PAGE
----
In late April, the Medicare Trustees released an annual report on the financial status of the program. In their report, the trustees are required to analyze where Medicare costs are heading based on a strict reading of current law. However, there are numerous reasons to believe that these numbers do not give the full picture. As noted by the trustees, “Medicare’s actual future costs are highly uncertain and are likely to exceed those shown by the current-law projections in this report.”
To illustrate the cost picture more fully, the Medicare actuaries just released their updated 2012 “Illustrated Alternative Scenarios” which examine some of the shortcomings of the official Medicare projections.
|Medicare Cost Projection||Percent of GDP|
|2009 (PRE-ACA) Trustees' Official Projection||6.26%||10.69%|
|2012 TRUSTEES' Official Projection||5.29%||6.69%|
|2012 Alternative Illustration WITH DOC FIXES||5.70%||7.76%|
|2012 FULL ALTERNATIVE Illustration||5.80%||9.97%|
The official projections from the trustees show the program growing from 3.67 percent of GDP in 2011 to 5.29 percent by 2030, and 6.69 percent by 2080. Under these projections, Medicare growth primarily reflects the aging of the population combined with only gradual increases in payments for health care due to statutory changes, made through the Affordable Care Act (ACA), that tempered their growth.
These ACA changes made a significant difference in Medicare cost projections. Before the law, payments were scheduled to grow much more quickly -- aligned closely with the rapid health care cost inflation historically seen in this country. For comparison’s sake, in 2009, prior to enactment of the ACA, the trustees projected Medicare costs to grow to 6.26 percent of GDP in 2030 and 10.69 percent of GDP by 2080.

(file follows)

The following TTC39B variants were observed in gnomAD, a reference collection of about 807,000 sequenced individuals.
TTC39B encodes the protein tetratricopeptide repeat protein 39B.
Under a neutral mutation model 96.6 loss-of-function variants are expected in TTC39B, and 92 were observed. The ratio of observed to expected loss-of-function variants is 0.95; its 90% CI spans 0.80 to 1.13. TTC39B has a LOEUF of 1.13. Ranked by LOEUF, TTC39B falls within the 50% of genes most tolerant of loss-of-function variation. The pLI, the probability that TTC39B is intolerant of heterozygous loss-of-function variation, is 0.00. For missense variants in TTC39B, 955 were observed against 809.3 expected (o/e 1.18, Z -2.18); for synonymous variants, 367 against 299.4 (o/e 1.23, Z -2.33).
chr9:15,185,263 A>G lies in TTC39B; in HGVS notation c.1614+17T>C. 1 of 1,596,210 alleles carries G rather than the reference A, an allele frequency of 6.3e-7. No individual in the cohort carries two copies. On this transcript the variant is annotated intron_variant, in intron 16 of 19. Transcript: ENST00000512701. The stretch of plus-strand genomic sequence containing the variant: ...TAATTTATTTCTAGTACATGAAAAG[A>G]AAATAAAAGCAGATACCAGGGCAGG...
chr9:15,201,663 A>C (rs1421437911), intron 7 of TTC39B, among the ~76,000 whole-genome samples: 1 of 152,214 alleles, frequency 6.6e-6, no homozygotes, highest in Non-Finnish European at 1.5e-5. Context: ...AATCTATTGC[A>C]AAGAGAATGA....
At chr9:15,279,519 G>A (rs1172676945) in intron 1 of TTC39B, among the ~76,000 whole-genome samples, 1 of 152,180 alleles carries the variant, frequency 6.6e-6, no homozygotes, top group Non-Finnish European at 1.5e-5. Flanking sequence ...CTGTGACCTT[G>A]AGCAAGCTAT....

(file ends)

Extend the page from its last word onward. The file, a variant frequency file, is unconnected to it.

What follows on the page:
The scenarios from the actuaries assume payments will not slow as quickly as the ACA sets in law. Their first illustration adds the cost of the annual “doc fixes” that Congress passes to prevent steep cuts to physician payments under Medicare Part B -- a recurring problem that predates the ACA. The currently used formula, called the Sustainable Growth Rate (SGR), calls for ever-growing cuts that are so large they would be nearly impossible to implement. For example, the SGR calls for a cut in payments of about 30 percent next January. Instead of permanently reforming the formula -- which would cost in the neighborhood of $300 billion over 10 years -- Congress repeatedly passes smaller, temporary fixes.
When adding in these fixes over the long term, projected Medicare costs rise to 5.7 percent of GDP by 2030 and 7.76 percent by 2080.
The second illustration by the actuaries includes the extended doc fix assumption, but adds an alteration in the assumption about how other Medicare payment changes promoted by the ACA will fare. Those changes slow Medicare costs because they alter the formulas that determine payments for health care services.